Find the right type of accommodation
When we started Cohabitas we envisaged that purpose-built mature co-living properties would be developed. A few multi-generational co-living developments have appeared, and others are planned, aiming to attract those people who love the vibrancy of the city and younger people. But to-date we know of only one co-living development that is specifically focused on the over 50s – that is Peach Living.
We expected more developments, especially so since co-living developments are popping up all over the place for the large post-university and transitory young professional population. It’s considered a new ‘investment class’, but no one has looked at the more affordable end of the market for the over 40’s yet. There are a lot of luxury over 55’s retirement developments, but you need to sell a large property to down-size into a flat in a very nice area. Nice if you can afford it, but most can’t.
Besides, these new co-living developments typically have small rooms and are expensive, so not suitable for longer-term sharing by more mature housemates.
The future of later life house sharing
Our view is that house sharing in your 40, 50s and 60’s is a great way to meet people and that it is a good route into longer-term house sharing in retirement and later life.
We particularly like the idea of ‘younger’ 50 and 60 year olds living with older housemates, maybe in their 70s and 80s. We appreciate that the older housemate is probably the homeowner. This arrangement should be very attractive to them, as it can provide them with a little more security, valued social contact, and some income, enabling them to ‘stay in place’ in their own home for longer.
But even these arrangements may not be that long-term, as the homeowner is most likely to die first or to have to move to a retirement home, leaving the younger housemate without a place to live.
If the younger housemate were able to have some additional benefits, such as a slightly reduced rent, then that would seem fair. We encourage this to be discussed, but it is a not replacement for professional home help or care. and for the home owner, possibly with children, there is no risk to tenure if a lodger agreement is in place. Lodgers have no additional right to reside beyond a resaonable period (usually a month or two) irrespective of the length of tenure.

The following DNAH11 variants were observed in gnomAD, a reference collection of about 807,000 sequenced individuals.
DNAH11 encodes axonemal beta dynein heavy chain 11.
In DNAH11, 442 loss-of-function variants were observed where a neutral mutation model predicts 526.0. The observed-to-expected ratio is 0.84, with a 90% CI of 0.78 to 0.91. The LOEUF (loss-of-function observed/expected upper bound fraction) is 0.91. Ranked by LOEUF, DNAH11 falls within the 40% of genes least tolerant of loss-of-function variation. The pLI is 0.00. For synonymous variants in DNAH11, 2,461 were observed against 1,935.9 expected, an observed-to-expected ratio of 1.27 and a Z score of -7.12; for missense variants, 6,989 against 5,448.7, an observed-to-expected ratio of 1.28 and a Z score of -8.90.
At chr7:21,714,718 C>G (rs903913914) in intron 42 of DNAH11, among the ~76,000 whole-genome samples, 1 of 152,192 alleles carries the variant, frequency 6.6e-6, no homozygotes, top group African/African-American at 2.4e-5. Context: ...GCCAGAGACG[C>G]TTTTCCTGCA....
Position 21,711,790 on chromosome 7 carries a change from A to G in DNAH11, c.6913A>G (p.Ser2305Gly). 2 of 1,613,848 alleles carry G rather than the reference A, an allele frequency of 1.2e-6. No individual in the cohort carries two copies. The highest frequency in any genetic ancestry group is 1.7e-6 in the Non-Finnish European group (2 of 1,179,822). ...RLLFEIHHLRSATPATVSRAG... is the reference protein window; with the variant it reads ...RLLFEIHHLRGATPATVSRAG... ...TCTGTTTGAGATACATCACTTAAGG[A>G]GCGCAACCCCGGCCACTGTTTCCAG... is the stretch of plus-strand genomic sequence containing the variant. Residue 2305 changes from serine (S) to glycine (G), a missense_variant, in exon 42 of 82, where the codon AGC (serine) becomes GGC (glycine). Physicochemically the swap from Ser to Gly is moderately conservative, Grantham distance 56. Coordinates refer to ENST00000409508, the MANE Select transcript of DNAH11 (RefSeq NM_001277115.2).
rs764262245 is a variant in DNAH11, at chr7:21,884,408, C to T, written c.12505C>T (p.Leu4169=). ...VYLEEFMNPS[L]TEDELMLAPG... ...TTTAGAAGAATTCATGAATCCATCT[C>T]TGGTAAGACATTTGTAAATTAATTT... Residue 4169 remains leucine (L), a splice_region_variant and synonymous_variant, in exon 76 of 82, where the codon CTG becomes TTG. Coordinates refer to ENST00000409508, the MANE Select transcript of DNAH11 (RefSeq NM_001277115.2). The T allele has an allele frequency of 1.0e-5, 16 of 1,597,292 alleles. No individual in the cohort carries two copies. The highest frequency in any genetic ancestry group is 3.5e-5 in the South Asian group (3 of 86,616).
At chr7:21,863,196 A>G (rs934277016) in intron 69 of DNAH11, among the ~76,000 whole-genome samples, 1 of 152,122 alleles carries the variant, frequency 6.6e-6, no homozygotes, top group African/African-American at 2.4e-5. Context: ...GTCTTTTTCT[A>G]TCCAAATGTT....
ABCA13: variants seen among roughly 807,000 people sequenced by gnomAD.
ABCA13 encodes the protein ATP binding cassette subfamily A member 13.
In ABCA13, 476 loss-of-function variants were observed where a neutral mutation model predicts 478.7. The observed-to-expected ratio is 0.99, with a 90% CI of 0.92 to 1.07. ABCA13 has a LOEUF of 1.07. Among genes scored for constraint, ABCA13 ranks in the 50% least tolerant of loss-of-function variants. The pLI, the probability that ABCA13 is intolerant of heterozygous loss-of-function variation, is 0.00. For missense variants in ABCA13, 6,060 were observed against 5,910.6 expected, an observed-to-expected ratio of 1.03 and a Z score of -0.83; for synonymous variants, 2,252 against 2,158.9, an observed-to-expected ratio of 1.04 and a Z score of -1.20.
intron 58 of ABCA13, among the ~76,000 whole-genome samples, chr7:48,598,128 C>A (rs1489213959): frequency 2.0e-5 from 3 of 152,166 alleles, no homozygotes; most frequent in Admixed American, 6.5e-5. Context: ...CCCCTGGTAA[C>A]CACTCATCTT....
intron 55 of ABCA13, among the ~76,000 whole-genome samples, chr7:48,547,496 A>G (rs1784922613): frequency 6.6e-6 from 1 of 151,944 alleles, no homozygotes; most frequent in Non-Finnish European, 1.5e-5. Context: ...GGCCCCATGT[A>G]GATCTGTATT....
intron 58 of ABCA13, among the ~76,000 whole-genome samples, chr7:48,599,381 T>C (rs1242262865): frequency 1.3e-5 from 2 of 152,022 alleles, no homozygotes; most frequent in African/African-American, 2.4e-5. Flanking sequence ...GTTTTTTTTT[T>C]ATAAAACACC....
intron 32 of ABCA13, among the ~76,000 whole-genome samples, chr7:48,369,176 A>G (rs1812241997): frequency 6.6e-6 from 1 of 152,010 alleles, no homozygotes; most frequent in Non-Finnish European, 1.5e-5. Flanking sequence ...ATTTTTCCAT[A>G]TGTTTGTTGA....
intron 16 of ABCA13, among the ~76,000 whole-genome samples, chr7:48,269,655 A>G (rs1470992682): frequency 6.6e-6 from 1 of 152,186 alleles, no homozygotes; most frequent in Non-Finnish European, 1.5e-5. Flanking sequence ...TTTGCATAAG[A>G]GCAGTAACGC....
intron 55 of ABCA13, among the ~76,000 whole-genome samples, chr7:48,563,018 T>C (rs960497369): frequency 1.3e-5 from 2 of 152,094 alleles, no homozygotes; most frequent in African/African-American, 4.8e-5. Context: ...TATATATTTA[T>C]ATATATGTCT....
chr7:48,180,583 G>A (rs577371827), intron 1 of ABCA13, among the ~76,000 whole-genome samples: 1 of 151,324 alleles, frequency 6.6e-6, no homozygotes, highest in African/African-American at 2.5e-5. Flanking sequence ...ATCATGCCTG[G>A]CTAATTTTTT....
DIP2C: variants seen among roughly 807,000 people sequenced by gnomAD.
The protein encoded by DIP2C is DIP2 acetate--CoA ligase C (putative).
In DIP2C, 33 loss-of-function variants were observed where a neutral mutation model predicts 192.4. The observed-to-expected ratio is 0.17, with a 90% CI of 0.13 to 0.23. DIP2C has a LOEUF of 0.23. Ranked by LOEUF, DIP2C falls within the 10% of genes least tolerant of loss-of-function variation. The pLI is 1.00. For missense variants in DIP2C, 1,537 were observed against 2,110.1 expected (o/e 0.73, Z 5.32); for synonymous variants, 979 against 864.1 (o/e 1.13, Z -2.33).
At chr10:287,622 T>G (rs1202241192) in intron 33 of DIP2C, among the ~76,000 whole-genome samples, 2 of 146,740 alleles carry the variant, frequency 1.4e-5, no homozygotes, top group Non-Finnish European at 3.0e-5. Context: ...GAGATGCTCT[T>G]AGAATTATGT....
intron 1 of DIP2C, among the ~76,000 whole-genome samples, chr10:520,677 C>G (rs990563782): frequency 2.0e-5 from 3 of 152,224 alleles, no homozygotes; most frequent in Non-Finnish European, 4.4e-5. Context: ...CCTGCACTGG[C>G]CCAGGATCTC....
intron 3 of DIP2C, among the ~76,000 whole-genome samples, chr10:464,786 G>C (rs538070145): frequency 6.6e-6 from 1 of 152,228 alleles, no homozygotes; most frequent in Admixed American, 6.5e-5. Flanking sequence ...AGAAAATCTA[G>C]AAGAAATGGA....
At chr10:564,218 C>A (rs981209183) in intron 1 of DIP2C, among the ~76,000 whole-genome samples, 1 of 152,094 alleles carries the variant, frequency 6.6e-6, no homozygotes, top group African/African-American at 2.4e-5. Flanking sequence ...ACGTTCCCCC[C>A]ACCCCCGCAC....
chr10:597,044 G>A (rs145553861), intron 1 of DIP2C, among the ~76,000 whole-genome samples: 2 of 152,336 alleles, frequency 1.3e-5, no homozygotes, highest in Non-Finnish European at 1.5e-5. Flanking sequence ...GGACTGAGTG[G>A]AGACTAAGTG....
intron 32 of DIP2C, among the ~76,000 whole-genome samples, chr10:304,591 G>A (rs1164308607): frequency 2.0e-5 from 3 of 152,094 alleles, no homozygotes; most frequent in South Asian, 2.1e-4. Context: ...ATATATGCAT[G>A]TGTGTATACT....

Find the right people to share with first
The ideal situation is that housemates of a similar age and stage, ‘settle down’ together for the longer term. That means joining together to rent a house or flat, or for one party to buy into the other’s property to create more equality of tenure and commitment. This can probably only realistically be achieved when trust is established having already shared together for a period of time.
Meeting people in your 50s and 60s, hopefully through Cohabitas, who you feel you could live with in your 70s and 80s is definitely a good place to start. Practice doesn’t make perfect, but it certainly helps you to understand and adjust to sharing a home with other people.
We will be keeping an eye out for those progressive developers able to build more mature coliving housing, but like flat sharing when younger, that arrangement is probably still prone to shorter-term sharing, as it starts with the property not the people.
We believe longer-term house sharing is all about the people, so we adopt a people first approach. Then once you find like minded housemates you can find a home together. Have a look in the housemates section to see who is looking longer term. You might find someone just like you!
You might also find this useful. Tips for successful house sharing over 40
You can also read about us and why we started Cohabitas.